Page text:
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From 'A League of Their Own' to Building a Museum of Their Own

Maybelle Blair, a 93-year-old former player in the All-American Girls Professional Baseball League, is raising money to open a center honoring women and girls in baseball.

Maybelle Blair is clear-eyed about the fact that she does not have too many birthdays left. (“I’m just thrilled to be on this side of the dirt,” she quips.) But she sees that simply as a reason to get to work.

The 93-year-old got to play only one season in the All-American Girls Professional Baseball League—the women’s league that started during World War II and was immortalized in the film A League of Their Own—but it shaped the rest of her life. So she has just one request for her 94th birthday on January 16: support for a project she has been dedicated to for years, a fund to build a center that will not only honor the women who played baseball in the ‘40s and ‘50s but also encourage and create new opportunities for girls to play the sport now.

Blair is one of the directors of the International Women’s Baseball Center, a group that started from a few members of the old AAGPBL Players’ Association, in hopes of eventually creating a museum and educational center for girls and women in baseball. They’ve acquired land for the center in Rockford, Ill.— across the street from the ballpark that was home to the Rockford Peaches from A League of Their Own. Blair, with the group from the beginning, has been a driver of much of their early work.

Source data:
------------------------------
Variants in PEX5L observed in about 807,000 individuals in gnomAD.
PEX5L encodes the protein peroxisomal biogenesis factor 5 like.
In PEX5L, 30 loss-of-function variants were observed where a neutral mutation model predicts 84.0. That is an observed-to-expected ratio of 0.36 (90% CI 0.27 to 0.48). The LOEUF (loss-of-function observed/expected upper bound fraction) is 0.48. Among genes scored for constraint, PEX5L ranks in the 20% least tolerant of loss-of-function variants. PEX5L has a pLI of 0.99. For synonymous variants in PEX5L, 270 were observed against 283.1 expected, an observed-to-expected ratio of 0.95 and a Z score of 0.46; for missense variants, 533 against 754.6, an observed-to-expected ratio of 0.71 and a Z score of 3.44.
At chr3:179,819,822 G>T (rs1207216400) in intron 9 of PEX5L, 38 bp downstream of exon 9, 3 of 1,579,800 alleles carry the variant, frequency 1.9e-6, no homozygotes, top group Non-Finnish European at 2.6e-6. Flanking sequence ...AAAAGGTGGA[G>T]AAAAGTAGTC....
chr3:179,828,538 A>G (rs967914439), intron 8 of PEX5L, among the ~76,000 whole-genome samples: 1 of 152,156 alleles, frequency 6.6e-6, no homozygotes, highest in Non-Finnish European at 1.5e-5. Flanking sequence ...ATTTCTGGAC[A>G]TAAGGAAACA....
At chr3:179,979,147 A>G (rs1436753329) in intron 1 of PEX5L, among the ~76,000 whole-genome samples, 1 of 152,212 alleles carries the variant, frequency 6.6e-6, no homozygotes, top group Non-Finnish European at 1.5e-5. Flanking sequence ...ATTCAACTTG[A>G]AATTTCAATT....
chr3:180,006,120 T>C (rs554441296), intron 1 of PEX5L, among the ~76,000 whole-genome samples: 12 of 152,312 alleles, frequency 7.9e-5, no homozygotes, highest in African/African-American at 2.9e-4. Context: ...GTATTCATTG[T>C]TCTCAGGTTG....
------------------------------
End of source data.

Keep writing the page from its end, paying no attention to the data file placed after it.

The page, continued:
Maybelle Blair stands with memorabilia

“She is a force,” says Kat Williams, president of the board of directors for the center and a history professor who studies women’s sports at Marshall University. “She’s tireless. She knows this is her legacy. … She has a passion for giving girls the same opportunity that she had.”

The project is ambitious—they’ve started with a plaza that features tributes to women in baseball and eventually want a full museum that will offer educational workshops for young girls, alongside batting cages and other playing resources. The goal is for Rockford to be as linked to women’s baseball as Cooperstown is to MLB or Williamsport is to Little League. In the context of these grand plans, which will require millions of dollars in funding, Blair’s current fundraiser request is a relative drop in the bucket: $9,400 dollars by her 94th birthday. But she’s in it for the long haul.

Blair loved baseball from childhood. She never imagined, however, that she’d have a chance to play professionally. When the AAGPBL was established in the ‘40s, as MLB players began to go overseas in World War II, it was a revelation: “Just like when you walk into a dark room, but the light switch turns on—oh, hey, my God, there is light.” She pitched for the Peoria Redwings, and she later went on to play professional softball for a few years, but she found that it wasn’t the same for her. “What about baseball that’s different, I guess, is it gets in your blood and you can’t help it,” she says.

She credits her playing career for a surge in confidence and self-sufficiency that framed the rest of her life. After Blair returned home, she went on to have a long career with Northrup Aircraft, where she was one of the first female division managers in the company. She never lost touch with baseball, however, and in retirement, she has been especially dedicated, speaking to girls around the country to let them know that they, too, can play baseball if they favor it over softball. (She even threw out a first pitch at a girls’ tournament at age 92.)